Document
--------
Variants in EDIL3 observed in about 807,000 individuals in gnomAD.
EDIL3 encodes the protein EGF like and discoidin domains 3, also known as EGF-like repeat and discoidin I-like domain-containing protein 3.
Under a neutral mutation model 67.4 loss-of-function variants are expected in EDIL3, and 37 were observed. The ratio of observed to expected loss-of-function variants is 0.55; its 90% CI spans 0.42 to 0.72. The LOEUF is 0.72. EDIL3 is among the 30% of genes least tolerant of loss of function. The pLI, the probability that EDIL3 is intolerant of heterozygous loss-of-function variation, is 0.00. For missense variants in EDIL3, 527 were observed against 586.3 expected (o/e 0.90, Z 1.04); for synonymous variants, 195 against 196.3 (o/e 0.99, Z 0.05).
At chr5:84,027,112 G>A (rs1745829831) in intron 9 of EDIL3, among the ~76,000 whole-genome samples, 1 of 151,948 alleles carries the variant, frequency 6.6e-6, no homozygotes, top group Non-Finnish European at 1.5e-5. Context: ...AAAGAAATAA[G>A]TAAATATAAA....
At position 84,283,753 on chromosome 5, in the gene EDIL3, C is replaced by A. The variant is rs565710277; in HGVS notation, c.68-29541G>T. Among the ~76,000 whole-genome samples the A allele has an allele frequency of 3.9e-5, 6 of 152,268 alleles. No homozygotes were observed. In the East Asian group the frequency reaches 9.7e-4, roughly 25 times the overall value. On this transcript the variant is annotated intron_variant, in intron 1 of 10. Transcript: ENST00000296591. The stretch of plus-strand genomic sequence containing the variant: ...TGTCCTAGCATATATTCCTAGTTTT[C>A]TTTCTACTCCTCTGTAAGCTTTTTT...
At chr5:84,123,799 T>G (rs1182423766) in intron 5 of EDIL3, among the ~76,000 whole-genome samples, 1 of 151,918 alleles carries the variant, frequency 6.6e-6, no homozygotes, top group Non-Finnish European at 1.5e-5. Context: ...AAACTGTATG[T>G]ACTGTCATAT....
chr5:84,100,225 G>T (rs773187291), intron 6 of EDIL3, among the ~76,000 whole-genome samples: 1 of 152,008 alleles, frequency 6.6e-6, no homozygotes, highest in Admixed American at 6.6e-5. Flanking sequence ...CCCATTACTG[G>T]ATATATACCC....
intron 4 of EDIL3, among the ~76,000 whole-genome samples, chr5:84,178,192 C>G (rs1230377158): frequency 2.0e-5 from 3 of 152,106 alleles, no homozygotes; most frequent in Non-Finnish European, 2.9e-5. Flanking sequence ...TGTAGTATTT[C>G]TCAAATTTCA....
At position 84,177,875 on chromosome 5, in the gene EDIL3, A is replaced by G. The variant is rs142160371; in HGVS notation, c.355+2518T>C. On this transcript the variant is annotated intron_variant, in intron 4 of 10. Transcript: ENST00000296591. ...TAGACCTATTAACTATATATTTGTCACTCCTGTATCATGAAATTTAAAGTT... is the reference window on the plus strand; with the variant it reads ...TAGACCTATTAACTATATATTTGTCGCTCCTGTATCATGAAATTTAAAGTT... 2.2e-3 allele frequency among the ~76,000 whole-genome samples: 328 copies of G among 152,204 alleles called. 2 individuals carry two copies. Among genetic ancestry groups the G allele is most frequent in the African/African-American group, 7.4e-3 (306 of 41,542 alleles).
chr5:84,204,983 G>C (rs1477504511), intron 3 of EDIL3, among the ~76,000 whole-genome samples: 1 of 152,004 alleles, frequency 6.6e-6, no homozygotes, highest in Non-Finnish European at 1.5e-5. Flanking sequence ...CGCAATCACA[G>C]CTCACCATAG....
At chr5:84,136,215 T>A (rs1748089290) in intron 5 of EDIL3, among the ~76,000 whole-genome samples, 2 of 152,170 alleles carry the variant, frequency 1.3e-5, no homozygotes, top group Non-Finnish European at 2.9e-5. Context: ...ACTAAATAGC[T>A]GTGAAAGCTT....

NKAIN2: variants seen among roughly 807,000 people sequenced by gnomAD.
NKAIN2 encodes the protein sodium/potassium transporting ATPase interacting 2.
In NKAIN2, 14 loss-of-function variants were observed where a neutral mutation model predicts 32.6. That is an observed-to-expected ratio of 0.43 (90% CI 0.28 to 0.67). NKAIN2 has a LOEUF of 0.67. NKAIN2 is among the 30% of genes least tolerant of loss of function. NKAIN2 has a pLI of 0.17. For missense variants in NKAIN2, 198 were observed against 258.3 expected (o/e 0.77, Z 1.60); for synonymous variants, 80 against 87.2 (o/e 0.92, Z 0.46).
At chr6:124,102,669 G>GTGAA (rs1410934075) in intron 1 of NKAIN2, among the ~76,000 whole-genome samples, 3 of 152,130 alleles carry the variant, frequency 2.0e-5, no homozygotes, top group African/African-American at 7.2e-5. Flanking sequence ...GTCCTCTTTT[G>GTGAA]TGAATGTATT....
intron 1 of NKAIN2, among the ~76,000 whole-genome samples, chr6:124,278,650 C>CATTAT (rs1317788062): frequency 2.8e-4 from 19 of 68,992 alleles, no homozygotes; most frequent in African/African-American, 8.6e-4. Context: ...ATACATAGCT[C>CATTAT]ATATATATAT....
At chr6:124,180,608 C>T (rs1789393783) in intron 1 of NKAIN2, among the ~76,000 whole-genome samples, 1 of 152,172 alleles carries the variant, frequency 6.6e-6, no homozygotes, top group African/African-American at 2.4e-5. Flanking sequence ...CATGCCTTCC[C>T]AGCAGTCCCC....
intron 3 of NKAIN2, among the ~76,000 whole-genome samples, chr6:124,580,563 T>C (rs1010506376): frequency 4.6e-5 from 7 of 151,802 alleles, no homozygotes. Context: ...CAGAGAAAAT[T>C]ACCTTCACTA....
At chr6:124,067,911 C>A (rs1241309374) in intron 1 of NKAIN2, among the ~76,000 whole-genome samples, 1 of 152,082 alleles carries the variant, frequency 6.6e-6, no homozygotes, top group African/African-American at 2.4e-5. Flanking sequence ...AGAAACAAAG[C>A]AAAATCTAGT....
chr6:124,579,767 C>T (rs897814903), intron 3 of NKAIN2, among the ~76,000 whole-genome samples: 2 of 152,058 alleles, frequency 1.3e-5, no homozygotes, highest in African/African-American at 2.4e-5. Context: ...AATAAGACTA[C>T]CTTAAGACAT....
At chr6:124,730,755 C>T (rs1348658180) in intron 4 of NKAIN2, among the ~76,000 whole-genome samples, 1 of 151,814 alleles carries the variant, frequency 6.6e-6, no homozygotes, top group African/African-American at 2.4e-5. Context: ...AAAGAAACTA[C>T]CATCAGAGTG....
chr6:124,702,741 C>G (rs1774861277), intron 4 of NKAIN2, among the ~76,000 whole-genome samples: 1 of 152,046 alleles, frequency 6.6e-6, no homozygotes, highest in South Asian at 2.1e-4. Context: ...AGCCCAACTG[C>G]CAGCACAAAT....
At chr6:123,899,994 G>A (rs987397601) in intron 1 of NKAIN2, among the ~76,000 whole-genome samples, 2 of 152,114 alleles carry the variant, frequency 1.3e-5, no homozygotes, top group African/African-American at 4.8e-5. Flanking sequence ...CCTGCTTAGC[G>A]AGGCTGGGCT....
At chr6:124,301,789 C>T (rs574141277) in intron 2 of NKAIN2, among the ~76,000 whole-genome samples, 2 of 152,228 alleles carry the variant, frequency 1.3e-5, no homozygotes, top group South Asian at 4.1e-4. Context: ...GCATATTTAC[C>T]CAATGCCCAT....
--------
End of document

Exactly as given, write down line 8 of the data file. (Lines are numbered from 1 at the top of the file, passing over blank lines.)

intron 4 of EDIL3, among the ~76,000 whole-genome samples, chr5:84,178,192 C>G (rs1230377158): frequency 2.0e-5 from 3 of 152,106 alleles, no homozygotes; most frequent in Non-Finnish European, 2.9e-5. Flanking sequence ...TGTAGTATTT[C>G]TCAAATTTCA....